Minister of Presidential Affairs, Governance and Public Administration, Kabo Morwaeng together with Permanent Secretary to the President (PSP) Elias Magosi, this week refused to name and shame the worst performing Ministries and to disclose the best performing Ministries since beginning of 12th parliament including the main reasons for underperformance.
Of late there have been a litany of complaints from both ends of the aisle with cabinet members accused of providing parliament with unsatisfactory responses to the questions posed. In fact for some Botswana Democratic Party (BDP) backbenchers a meeting with the ministers and party leadership is overdue to address their complaints. Jwaneng-Mabutsane MP, Mephato Reatile is also not happy with ministers’ performance.
Bokamoso Private Hospital is battling a P10 million legal suit for a botched fibroids operation which resulted in a woman losing an entire womb and her prospects of bearing children left at zero.
The same suit has also befallen the Attorney General of Botswana who is representing the Ministry of Health and Wellness for their contributory negligence of having the unlawful removal of a patient, Goitsemang Magetse’s womb.
According to the court papers, Magetse says that sometimes in November 2019, she was diagnosed with fibroids at Marina Hospital where upon she was referred to Bokamoso Private Hospital to schedule an appointment for an operation to remove the fibroids, which she did.
Magetse continues that at the instance of one Dr Li Wang, the surgeon who performed the operation, and unknown to her, an operation to remove her whole womb was conducted instead. According to Magetse, it was only through a Marina Hospital regular check-up that she got to learn that her whole womb has been removed.
“At the while she was under the belief that only her fibroids have been removed. By doing so, the hospital has subjected itself to some serious delictual liability in that it performed a serious and life changing operation on patient who was under the belief that she was doing a completely different operation altogether. It thus came as a shock when our client learnt that her womb had been removed, without her consent,” said Magetse’s legal representatives, Kanjabanga and Associates in their summons.
The letter further says, “this is an infringement of our client‘s rights and this infringement has dire consequences on her to the extent that she can never bear children again”. ‘It is our instruction therefore, to claim as we hereby do, damages in the sum of BWP 10,000,000 (ten million Pula) for unlawful removal of client’s womb,” reads Kanjabanga Attorneys’ papers. The defendants are yet to respond to the plaintiff’s papers.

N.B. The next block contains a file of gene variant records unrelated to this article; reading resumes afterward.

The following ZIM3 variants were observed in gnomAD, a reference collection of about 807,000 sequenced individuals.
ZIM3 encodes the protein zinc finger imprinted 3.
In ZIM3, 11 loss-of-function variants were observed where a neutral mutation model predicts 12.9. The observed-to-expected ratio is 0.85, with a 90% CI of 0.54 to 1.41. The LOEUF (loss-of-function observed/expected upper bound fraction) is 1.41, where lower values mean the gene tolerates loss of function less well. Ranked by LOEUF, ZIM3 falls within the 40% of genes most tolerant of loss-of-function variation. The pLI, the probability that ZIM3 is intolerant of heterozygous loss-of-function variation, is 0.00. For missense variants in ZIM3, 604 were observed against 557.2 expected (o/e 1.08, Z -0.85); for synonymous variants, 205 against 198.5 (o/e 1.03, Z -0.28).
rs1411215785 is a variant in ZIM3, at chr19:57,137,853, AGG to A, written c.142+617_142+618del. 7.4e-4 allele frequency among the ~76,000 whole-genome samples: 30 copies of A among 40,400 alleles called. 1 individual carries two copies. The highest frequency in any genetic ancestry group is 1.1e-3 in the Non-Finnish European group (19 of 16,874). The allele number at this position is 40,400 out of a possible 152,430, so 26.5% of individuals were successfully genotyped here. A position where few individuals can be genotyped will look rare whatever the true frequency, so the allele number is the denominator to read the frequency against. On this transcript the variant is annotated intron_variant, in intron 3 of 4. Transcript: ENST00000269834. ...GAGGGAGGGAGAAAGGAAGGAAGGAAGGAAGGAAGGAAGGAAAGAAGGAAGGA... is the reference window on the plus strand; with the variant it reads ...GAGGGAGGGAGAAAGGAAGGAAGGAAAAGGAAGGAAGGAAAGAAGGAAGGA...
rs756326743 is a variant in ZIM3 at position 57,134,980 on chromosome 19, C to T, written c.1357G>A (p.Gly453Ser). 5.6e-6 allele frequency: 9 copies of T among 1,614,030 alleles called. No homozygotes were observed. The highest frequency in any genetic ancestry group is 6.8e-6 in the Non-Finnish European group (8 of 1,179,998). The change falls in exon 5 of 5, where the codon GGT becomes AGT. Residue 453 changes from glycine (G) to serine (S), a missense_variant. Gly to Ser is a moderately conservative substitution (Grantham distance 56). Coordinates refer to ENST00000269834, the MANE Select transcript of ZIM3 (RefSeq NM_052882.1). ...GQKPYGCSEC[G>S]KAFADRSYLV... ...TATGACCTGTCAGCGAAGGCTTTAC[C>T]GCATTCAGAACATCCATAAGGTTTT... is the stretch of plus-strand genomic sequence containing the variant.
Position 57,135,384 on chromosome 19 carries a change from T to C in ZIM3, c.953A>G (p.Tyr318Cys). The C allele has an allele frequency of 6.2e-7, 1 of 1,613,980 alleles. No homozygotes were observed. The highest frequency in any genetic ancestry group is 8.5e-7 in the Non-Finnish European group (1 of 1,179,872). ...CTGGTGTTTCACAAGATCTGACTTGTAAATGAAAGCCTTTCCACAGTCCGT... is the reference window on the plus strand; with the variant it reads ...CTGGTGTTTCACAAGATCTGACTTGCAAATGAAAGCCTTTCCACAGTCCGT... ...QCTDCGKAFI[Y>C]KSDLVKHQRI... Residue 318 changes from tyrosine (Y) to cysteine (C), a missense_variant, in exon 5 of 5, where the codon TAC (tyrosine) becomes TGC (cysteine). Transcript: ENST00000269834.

What are fibroids?
Fibroids are tumors made of smooth muscle cells and fibrous connective tissue. They develop in the uterus. It is estimated that 70 to 80 percent of women will develop fibroids in their lifetime — however, not everyone will develop symptoms or require treatment.
The most important characteristic of fibroids is that they’re almost always benign, or noncancerous. That said, some fibroids begin as cancer — but benign fibroids can’t become cancer. Cancerous fibroids are very rare. Because of this fact, it’s reasonable for women without symptoms to opt for observation rather than treatment.
Studies show that fibroids grow at different rates, even when a woman has more than one. They can range from the size of a pea to (occasionally) the size of a watermelon. Even if fibroids grow that large, we offer timely and effective treatment to provide relief.
The Alliance for Progressives (AP) President Ndaba Gaolathe has said that despite major accolades that Botswana continues to receive internationally with regard to the state of economy, the prospects for the future are imperilled.
Delivering his party Annual Policy Statement on Thursday, Gaolathe indicated that Botswana is in a state of do or die, and that the country’s economy is on a sick bed. With a major concern for poverty, Gaolathe pointed out that almost half of Botswana’s people are ravaged by or are about to sink into poverty. “Our young people have lost the fire to dream about what they could become,” he said.